Fatou Bensouda – ‘People Must Have Faith in Institutions Ensuring Justice’
Former ICC Cheif Prosecutor Fatou Bensouda has reiterated calls for people to have faith in institutions ensuring justice both locally and internationally.
She made these remarks as a keynote speaker under the auspices of the Nelson Mandela Foundation, at the Annual Lecture of Nelson Mandela 2021, on the theme: The Rule of Law, International Criminal Justice and its Contribution to Sustainable Development.
“As captured in the SDG 16, people around the world need to have faith in the institutions responsible for ensuring justice,” she said
She anchored that strengthening institutions, with a commitment to ensuring their independence, impartiality, and ability to achieve set mandates, must be the driving force and rationale behind coordinated policies at both domestic and international levels.
“As you know, the International Criminal Court is the world’s first permanent criminal court holding accountable those responsible for the commission of crimes of concern to the international community including genocide, war crimes, crimes against humanity, and the crime of aggression. Over the last two decades, it has developed a body of knowledge that addresses these questions through various opinions and jurisprudence.”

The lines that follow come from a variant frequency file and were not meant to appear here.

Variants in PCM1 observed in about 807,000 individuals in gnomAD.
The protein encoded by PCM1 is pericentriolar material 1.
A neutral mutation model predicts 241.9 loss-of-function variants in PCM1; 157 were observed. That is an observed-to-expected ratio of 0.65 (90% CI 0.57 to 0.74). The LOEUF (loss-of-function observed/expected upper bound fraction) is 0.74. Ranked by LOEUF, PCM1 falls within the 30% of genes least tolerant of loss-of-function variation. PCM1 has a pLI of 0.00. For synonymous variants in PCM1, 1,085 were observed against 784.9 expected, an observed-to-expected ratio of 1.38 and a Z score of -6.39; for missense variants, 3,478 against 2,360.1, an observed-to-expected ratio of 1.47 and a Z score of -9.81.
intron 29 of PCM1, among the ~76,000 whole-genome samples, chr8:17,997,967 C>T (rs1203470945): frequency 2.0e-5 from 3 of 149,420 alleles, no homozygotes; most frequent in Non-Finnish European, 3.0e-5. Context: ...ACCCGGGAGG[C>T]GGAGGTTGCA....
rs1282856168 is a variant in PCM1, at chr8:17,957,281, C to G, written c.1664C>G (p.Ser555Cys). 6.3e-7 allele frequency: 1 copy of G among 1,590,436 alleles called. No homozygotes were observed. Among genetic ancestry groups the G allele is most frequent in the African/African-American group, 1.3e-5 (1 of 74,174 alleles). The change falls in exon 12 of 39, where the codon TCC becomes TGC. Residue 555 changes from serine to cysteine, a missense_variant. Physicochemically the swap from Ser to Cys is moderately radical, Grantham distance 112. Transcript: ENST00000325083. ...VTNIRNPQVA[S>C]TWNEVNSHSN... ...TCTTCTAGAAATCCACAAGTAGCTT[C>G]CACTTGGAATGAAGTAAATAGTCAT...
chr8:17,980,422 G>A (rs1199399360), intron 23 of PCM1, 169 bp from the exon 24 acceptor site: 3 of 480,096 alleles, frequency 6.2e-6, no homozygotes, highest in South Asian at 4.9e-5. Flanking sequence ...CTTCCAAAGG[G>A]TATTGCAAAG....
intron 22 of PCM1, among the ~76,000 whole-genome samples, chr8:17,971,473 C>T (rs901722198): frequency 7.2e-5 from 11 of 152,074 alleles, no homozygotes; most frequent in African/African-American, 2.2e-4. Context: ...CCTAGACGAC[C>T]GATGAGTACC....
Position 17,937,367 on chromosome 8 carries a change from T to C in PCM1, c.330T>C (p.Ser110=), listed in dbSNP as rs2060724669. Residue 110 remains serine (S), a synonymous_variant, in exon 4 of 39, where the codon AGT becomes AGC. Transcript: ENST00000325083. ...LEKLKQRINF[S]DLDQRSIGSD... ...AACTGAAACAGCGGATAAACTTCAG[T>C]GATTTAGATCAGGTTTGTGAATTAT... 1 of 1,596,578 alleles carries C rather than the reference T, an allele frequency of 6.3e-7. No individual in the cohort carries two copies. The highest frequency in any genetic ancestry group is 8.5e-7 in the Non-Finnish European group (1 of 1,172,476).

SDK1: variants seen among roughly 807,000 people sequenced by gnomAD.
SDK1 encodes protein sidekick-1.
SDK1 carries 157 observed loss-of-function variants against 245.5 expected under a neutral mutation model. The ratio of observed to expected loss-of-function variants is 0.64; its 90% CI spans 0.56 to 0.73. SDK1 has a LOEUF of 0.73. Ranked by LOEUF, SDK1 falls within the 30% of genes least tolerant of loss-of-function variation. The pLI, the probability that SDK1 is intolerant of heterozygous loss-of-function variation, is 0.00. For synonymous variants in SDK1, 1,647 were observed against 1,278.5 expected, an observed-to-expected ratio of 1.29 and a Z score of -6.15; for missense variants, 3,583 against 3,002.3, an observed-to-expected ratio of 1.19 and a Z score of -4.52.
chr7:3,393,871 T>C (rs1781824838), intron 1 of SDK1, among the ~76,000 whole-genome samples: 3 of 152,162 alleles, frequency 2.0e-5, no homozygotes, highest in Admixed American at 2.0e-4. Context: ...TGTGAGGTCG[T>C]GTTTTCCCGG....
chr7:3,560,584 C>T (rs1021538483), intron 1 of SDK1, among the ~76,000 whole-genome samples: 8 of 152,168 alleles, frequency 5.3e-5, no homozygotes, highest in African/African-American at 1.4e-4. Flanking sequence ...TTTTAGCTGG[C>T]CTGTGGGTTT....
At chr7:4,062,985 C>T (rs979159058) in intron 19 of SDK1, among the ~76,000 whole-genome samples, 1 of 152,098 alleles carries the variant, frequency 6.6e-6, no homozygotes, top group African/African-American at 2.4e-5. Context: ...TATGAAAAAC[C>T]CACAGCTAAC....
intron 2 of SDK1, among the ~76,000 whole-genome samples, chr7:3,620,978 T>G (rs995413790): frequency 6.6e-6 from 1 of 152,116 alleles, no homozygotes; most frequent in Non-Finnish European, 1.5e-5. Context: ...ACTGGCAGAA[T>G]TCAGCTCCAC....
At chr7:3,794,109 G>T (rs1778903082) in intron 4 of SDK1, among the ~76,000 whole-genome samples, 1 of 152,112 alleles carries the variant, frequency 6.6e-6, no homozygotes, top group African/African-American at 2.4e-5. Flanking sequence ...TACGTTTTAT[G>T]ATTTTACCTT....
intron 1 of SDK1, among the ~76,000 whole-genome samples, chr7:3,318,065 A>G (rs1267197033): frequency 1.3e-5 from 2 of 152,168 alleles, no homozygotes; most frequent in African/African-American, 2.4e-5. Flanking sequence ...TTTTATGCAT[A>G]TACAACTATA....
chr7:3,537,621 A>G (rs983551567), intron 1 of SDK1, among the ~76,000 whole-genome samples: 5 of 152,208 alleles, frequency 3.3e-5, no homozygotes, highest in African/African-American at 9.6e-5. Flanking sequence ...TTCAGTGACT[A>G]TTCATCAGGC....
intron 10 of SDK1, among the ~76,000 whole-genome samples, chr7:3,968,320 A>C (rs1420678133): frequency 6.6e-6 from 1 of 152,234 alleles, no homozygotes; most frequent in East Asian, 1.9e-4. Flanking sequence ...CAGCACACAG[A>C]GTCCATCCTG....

The former ICC Chief Prosecutor stresses that institutions seeking justice for victims should be shielded from political interference, resource paucity, and any other internal risks which may threaten its effectiveness and efficiency.
“While examining the relationship between international criminal justice and the broader challenges of attaining sustainable development, it is important to stress that the independent mandate of the court and its office of the prosecutor must always be respected and protected. I strongly believe that intervention by an independent and impartial court as the anchor of the international criminal justice system plays a critical role in contributing even if indirectly, towards peace, reconciliation, and reconstruction of societies recovering from the ravages of war and conflict,” she said
She said such intervention would not only support accountability and justice efforts but, in the long run, contributes to the construction of judicial and other law institutions within national legal systems ‘all of which are critical to facilitating sustainable development.